commentary Call me Gen Y for thinking so, but if people want something badly enough, they're going to find a way to get it. While that usually sets off the piracy alarm bells, what if it's not because you're a cheapskate, and the product is actually free?
Usually, when we think of piracy, we think about torrenting music and movies, but it isn't always a matter of cost. As Game of Thrones has shown, it can be about availability.
Australians took a cavalier attitude to pirating the popular TV series when they realised it wasn't yet available locally, even letting others know, via Twitter and Facebook, that they were doing so.
While there's always an inherent risk that visiting a sketchy torrent site might result in the user being infected with malware, the situation could be even worse with mobile applications. Despite this, mobile application developers are falling into the same trap of following old-fashioned geographical restrictions when it comes to distributing products, and worse still is that in some cases, their apps are free.
One of the differences between the media and mobile app industries is that it's rare that an artist's or studio's end product — a video, song or movie file — is directly responsible for infection when it comes to pirated TV shows or movies, but, in Android's case, downloading and installing Android Package (apk) files outside of the Google Play store is one of the main ways that malware authors get into their victims' phones.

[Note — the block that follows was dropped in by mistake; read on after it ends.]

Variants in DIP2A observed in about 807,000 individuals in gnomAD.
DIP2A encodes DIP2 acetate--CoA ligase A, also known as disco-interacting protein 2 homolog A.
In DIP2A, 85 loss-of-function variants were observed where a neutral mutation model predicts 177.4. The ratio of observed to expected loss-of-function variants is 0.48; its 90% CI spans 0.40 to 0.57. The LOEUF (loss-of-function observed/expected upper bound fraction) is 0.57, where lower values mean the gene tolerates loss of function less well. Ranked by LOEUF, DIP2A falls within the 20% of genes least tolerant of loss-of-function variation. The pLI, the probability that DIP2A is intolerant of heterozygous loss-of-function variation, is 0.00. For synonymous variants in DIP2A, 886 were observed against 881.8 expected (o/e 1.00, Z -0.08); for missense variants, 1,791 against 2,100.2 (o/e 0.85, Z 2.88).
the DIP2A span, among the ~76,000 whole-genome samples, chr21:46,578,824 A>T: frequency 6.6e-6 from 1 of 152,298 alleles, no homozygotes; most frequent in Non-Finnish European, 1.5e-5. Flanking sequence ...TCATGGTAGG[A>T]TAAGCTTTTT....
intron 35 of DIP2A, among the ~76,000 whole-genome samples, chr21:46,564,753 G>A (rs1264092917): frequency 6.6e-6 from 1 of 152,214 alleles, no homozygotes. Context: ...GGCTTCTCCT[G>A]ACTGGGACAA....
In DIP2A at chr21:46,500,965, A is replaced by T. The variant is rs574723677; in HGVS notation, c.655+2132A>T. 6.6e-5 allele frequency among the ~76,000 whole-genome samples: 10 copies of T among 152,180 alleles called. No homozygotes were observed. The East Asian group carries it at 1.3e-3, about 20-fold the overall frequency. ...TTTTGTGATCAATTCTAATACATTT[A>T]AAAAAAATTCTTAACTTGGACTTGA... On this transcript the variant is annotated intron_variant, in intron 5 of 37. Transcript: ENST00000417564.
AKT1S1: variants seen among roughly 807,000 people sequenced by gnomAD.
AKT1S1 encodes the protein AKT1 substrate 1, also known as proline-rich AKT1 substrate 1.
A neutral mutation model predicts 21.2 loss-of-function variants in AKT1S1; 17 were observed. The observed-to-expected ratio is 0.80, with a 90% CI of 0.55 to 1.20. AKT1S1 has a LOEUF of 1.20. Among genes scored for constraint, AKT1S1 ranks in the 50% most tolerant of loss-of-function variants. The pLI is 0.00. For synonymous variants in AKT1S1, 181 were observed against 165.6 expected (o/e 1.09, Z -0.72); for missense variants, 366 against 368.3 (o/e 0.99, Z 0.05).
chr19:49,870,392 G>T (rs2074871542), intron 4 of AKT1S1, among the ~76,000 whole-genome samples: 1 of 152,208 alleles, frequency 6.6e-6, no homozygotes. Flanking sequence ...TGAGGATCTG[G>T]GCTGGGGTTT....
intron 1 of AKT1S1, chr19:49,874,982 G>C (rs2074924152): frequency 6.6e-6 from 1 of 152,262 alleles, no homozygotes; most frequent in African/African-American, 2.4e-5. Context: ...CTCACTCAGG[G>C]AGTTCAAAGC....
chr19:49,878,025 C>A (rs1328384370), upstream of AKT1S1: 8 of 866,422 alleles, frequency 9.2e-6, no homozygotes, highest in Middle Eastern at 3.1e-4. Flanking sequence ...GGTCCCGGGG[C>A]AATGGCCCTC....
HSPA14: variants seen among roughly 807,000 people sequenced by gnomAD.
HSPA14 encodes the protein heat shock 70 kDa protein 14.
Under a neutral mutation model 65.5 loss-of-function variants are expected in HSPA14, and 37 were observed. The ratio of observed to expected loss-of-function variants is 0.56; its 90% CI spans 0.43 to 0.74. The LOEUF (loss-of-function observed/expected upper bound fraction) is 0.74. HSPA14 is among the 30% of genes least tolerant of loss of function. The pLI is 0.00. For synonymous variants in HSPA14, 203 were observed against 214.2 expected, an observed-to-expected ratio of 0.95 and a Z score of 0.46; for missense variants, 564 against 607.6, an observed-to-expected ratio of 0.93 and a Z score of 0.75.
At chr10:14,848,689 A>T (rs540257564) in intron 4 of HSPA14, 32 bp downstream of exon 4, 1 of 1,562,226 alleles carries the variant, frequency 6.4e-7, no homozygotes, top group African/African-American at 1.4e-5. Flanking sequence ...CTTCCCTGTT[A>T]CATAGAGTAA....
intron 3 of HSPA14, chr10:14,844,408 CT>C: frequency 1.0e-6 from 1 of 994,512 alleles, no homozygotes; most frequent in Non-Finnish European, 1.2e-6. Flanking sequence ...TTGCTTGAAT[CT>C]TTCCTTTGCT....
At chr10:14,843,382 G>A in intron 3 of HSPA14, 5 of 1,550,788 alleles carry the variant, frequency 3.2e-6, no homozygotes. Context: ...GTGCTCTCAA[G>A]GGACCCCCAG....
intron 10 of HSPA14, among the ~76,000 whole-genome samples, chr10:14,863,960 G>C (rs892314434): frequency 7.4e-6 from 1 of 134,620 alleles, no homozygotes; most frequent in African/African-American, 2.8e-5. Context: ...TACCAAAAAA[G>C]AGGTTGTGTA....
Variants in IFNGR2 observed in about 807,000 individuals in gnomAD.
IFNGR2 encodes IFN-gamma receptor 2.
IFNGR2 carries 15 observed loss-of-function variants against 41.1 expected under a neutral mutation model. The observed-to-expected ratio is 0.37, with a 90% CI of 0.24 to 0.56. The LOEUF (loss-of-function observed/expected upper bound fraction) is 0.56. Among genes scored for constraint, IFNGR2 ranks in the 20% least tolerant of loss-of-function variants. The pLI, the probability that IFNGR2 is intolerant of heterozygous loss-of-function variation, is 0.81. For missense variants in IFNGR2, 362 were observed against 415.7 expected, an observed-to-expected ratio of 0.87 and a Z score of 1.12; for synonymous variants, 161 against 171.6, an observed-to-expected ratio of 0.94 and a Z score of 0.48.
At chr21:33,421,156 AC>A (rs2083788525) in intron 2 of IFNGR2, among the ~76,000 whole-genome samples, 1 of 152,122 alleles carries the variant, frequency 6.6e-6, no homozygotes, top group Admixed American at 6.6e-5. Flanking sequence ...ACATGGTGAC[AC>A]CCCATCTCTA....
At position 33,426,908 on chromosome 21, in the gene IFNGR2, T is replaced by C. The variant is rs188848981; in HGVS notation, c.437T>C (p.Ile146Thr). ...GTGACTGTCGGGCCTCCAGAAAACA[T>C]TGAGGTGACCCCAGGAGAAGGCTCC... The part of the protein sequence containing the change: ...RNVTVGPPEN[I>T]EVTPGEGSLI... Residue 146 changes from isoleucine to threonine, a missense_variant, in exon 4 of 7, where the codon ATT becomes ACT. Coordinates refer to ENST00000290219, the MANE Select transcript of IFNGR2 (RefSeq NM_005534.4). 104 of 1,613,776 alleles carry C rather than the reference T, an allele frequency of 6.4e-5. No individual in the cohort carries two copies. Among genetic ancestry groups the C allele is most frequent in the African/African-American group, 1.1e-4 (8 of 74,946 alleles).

Not paying a few dollars for an app may be one of the reasons why users choose to put themselves at risk, and that's a problem that has plagued any industry that can be digitalised. But what bends my brain is how developers and distributors can take a step backwards and encourage this behaviour with applications that are free.
Flipboard, which has Android users begging for a version for their device since it was released, was marketed as an exclusive for the Samsung Galaxy S III. But as Joseph Hanlon pointed out at our sister site CNET, it's been leaked. It reportedly wasn't even difficult to do so.
Of course Android users would download it off-market. And if an enterprising malware writer is paying attention, it would be a simple matter of packaging Flipboard into their own malware that sends premium-rate SMSes while you're not paying attention.
Some geographical restrictions make sense, such as Google Wallet, which needs the support of Australian payment providers. But other applications have users scratching their heads. Google Currents, for example, uses global content in its application, but it was limited to users within the US during its initial launch, and Swype's official installer has issues with Ice Cream Sandwich, but an unofficial version works fine.
It's generally accepted that if someone is going to pirate an app — and honestly, it's only a dollar or two for an app — then they should be prepared to bear the risk of being infected with malware. But developers that put seemingly ambiguous restrictions on free apps are just forcing their greatest fans into dangerous territory.